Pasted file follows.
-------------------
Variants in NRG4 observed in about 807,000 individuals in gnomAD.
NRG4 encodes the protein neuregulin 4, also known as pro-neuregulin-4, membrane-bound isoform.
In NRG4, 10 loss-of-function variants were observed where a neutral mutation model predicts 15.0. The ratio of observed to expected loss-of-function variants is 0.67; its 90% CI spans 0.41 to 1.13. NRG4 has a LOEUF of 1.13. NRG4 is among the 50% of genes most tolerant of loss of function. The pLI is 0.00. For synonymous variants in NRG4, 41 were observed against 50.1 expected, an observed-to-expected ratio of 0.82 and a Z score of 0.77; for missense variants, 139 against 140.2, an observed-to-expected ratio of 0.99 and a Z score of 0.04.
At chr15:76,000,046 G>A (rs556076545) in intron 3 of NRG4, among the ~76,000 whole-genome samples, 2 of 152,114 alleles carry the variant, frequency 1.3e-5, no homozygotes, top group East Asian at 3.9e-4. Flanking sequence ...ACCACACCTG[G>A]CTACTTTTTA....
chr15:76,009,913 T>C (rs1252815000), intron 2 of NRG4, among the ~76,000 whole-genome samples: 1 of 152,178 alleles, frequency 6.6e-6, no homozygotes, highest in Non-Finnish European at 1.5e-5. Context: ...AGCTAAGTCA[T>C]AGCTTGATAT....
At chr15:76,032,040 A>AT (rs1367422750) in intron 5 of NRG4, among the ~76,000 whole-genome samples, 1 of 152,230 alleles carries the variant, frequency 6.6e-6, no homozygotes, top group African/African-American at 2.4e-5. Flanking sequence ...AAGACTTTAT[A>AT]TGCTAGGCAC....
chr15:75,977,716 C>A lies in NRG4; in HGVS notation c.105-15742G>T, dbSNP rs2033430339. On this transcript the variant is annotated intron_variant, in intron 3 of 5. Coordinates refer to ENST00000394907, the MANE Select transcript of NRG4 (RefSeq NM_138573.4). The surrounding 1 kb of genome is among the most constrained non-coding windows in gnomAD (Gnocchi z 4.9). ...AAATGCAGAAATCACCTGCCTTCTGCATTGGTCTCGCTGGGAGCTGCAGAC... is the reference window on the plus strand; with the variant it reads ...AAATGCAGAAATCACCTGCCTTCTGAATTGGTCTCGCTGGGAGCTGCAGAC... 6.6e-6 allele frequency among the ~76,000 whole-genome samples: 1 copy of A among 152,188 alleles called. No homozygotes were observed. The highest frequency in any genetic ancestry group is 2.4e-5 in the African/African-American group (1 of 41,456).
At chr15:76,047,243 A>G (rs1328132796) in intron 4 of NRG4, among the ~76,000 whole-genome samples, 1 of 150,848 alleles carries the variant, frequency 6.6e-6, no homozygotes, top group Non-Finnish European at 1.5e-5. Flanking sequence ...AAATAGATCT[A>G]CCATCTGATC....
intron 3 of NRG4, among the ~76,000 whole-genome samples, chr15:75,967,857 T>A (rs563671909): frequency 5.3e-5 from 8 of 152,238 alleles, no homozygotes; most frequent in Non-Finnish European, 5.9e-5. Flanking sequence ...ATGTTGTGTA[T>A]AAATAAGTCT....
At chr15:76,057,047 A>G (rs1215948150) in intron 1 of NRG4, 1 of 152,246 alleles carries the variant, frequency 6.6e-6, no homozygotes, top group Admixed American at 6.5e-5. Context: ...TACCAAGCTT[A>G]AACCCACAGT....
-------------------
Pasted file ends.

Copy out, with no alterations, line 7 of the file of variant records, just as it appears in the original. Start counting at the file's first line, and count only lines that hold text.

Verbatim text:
chr15:75,977,716 C>A lies in NRG4; in HGVS notation c.105-15742G>T, dbSNP rs2033430339. On this transcript the variant is annotated intron_variant, in intron 3 of 5. Coordinates refer to ENST00000394907, the MANE Select transcript of NRG4 (RefSeq NM_138573.4). The surrounding 1 kb of genome is among the most constrained non-coding windows in gnomAD (Gnocchi z 4.9). ...AAATGCAGAAATCACCTGCCTTCTGCATTGGTCTCGCTGGGAGCTGCAGAC... is the reference window on the plus strand; with the variant it reads ...AAATGCAGAAATCACCTGCCTTCTGAATTGGTCTCGCTGGGAGCTGCAGAC... 6.6e-6 allele frequency among the ~76,000 whole-genome samples: 1 copy of A among 152,188 alleles called. No homozygotes were observed. The highest frequency in any genetic ancestry group is 2.4e-5 in the African/African-American group (1 of 41,456).